Sure. I write as a reader.  I think it’s a very important distinction to write as a reader than to write as a writer. I’m always thinking about how reading works while I’m working.  So I think it’s a valuable preface to say that, when I think about my ideal reader, it’s someone who still remembers what reading is.  And for me, that’s someone who doesn’t need to understand everything in a book to enjoy it. When I think back, most of my reading experience was marked by an inability to understand everything that was happening on the page.  Most of my reading experience had me scratching my head every now and again.  There were words, there were moments…

In some way reading mirrors life—life is fundamentally unintelligible—and reading certainly has aspects to it which elude us.  I guess my ideal reader is someone who is comfortable with not understanding fully what’s going on yet still able to go along for the ride.  This is something that you and I do in everyday life, but when it comes to reading, we’re suddenly less likely to tolerate that unintelligibility. 

Now I say that on the one hand.  On the other hand: readers from New Jersey, from the Dominican Republic?  If they didn’t like my work, I know my heart would break.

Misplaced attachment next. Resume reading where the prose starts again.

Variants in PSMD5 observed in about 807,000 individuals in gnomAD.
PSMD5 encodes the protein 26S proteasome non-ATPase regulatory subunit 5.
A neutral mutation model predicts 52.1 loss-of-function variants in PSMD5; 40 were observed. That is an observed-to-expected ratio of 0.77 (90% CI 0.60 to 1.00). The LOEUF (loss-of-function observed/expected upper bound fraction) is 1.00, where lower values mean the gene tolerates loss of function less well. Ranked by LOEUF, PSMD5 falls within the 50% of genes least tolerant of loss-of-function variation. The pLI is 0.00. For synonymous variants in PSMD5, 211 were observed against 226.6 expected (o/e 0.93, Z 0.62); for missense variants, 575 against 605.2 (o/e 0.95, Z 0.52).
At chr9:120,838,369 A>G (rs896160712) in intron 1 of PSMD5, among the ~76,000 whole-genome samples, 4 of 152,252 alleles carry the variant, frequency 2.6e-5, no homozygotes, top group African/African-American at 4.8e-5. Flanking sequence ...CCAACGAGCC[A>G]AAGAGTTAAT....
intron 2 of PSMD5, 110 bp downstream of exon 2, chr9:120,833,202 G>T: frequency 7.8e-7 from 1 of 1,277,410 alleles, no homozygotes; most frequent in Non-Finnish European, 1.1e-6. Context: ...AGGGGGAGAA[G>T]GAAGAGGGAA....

I'm curious about your thoughts on censorship in the New Yorker.  From the late 50's all the way to the 80's, some very eminent writers capitulated to the New Yorker's unwavering stance on profanity.  Part of the pleasure of reading you is that you cuss so well. When I was a kid, there was a common scenario: you went into the record store to buy the latest rap album and returned home to find that you'd accidentally purchased the "clean version."  Can you imagine a clean version of your own work?
No, I always think about how many people had to suffer for me to be published the way I’m published.  There’s no question.  Think about it: even beyond the language, imagine how many themes were repressed…  No, it’s an extraordinary moment.  Sometimes we forget how much things have changed.

What does it mean to you simply as an American?  I’m sure many conservatives would think we’re tossing our values out the window.  Apart from allowing you to write in a particular way, is there a more significant force at work?